Please use this identifier to cite or link to this item: http://hdl.handle.net/2445/101634
Title: The Interaction between Childhood Bullying and the FKBP5 Gene on Psychotic-Like Experiences and Stress Reactivity in Real Life
Author: Cristóbal Narváez, Paula
Sheinbaum, Tamara
Rosa, Araceli
Ballespí, Sergi
Castro Catala, Marta de de
Peña Lozano, Elionora
Kwapil, Thomas R.
Barrantes Vidal, Neus
Keywords: Assetjament psicològic
Infants
Agressivitat
Percepció en els infants
Estrès (Psicologia)
Psychological abuse
Children
Aggressiveness
Perception in children
Stress (Psychology)
Issue Date: 7-Jul-2016
Publisher: Public Library of Science (PLoS)
Abstract: Aim: The present study employed Experience Sampling Methodology to examine whether the interaction between childhood bullying and FKBP5 variability (i) is associated with the expression of psychotic-like experiences, paranoia, and negative affect, and (ii) moderates psychotic-like, paranoid, and affective reactivity to different forms of momentary stress (situational and social) in daily life. Methods: A total of 206 nonclinical young adults were interviewed for bullying with the Childhood Experience of Care and Abuse and were prompted randomly eight times daily for one week to complete assessments of their current experiences, affect, and stress appraisals. Participants were genotyped for three FKBP5 single nucleotide polymorphisms (SNPs) (rs3800373, rs9296158, and rs1360780) that have been linked to hypothalamus-pituitary-adrenal axis reactivity. Multilevel analyses were conducted to examine the effect of the interaction between childhood bullying and the FKBP5 haplotype derived from these three SNPs. Results: The interaction between bullying and the FKBP5 haplotype was associated with positive, but not negative, psychotic-like experiences, paranoia, and negative affect. The bullying x FKBP5 interaction also moderated the association of a social stress appraisal (specifically, being alone because people do not want to be with you) with psychotic-like experiences and negative affect in daily life. Simple slopes analyses indicated that, in all cases, the associations were significantly increased by exposure to bullying in participants with the risk haplotype, but not for those with the non-risk haplotype. Discussion: The present study provides the first evidence of the interplay between childhood bullying and FKBP5 variability in the real-world expression of psychosis proneness and social stress reactivity. The findings underscore the importance of investigating how gene-environment interactions are involved in mechanistic pathways to the extended psychosis phenotype and lend further support to the increasing relevance given to socially defeating appraisals in the experience of reality distortion.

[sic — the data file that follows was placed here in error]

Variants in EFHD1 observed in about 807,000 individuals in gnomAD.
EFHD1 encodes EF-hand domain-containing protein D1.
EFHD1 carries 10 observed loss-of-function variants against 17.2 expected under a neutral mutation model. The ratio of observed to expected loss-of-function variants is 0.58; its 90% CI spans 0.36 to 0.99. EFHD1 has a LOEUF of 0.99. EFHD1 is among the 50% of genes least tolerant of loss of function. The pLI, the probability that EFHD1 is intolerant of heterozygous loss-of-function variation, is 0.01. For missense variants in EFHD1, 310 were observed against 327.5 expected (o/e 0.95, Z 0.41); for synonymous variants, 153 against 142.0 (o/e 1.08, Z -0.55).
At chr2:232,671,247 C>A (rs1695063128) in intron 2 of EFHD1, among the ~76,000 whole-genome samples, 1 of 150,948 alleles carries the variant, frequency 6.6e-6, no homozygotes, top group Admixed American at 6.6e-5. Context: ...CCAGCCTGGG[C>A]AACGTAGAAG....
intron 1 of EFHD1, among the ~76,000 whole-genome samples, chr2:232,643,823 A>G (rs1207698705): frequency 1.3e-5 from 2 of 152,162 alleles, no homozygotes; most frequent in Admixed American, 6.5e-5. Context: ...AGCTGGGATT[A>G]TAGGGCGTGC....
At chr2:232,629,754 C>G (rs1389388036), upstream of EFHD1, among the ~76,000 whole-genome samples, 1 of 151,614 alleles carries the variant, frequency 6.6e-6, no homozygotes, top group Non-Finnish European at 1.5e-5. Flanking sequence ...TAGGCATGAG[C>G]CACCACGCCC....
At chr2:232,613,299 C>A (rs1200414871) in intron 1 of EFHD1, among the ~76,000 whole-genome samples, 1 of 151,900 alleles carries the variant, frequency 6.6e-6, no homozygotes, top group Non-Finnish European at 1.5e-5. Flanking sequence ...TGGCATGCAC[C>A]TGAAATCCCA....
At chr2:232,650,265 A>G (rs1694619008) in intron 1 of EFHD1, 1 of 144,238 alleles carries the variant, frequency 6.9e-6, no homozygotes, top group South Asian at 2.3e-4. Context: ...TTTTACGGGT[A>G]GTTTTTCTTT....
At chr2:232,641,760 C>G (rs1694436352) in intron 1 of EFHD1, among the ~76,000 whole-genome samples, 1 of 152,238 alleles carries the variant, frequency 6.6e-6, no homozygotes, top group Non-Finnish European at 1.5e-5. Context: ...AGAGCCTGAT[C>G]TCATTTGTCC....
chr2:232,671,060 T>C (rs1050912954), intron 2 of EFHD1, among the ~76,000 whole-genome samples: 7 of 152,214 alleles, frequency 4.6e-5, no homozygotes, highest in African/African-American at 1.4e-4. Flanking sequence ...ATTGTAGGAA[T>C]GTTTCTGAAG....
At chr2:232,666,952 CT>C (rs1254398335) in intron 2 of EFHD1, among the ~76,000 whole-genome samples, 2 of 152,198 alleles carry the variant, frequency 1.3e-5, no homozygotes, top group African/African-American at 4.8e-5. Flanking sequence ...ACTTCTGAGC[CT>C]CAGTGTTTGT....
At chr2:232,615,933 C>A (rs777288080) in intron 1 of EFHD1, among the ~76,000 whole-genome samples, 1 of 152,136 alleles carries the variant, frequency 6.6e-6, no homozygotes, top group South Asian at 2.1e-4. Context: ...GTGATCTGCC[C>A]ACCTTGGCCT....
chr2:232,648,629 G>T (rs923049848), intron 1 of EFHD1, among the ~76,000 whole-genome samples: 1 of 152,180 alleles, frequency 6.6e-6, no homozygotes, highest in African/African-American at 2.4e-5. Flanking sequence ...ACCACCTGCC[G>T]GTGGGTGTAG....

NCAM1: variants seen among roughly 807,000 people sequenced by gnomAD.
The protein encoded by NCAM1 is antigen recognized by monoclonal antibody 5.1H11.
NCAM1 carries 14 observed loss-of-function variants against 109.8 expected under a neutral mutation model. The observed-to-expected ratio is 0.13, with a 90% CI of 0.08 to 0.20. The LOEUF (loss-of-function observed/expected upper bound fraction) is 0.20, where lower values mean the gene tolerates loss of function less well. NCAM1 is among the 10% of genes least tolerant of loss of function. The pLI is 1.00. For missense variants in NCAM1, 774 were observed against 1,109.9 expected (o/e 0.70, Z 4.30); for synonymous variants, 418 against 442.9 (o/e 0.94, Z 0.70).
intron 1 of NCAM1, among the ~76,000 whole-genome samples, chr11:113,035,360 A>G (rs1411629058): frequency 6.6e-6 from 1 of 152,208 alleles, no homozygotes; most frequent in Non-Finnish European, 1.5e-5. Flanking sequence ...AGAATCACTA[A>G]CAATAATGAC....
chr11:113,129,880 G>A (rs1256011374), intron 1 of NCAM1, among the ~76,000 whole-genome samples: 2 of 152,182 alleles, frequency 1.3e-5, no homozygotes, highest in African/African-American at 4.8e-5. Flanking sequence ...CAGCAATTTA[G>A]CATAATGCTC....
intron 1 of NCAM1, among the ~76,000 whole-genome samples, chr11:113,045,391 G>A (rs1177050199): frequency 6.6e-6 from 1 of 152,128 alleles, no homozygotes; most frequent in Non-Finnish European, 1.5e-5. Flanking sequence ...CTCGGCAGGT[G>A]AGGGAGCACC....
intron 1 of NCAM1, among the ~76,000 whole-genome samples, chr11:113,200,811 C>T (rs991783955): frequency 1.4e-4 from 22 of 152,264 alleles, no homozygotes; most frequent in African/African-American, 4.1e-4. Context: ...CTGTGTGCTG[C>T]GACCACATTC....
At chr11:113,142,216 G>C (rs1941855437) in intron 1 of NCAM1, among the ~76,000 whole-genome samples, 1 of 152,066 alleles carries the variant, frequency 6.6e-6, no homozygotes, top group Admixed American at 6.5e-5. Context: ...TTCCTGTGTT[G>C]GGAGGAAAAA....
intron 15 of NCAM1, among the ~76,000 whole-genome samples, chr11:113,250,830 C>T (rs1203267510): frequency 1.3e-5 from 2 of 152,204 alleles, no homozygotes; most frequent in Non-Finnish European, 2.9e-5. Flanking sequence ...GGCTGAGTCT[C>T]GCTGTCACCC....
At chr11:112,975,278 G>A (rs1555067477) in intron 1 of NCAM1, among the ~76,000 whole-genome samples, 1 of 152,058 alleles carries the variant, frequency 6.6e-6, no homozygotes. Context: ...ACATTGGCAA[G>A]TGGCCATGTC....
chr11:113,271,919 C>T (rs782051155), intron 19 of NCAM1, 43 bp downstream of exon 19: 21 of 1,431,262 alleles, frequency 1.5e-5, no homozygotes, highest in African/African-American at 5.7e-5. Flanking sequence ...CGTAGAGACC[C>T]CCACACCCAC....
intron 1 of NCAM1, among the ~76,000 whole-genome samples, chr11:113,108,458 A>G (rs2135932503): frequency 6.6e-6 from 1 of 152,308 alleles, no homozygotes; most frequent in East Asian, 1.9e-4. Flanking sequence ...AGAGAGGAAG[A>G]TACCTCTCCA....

Note: Reproducció del document publicat a: http://dx.doi.org/10.1371/journal.pone.0158809
It is part of: PLoS One, 2016, vol. 11, num. 7, p. e0158809
Related resource: http://dx.doi.org/10.1371/journal.pone.0158809
URI: http://hdl.handle.net/2445/101634
ISSN: 1932-6203
Appears in Collections:Articles publicats en revistes (Biologia Evolutiva, Ecologia i Ciències Ambientals)

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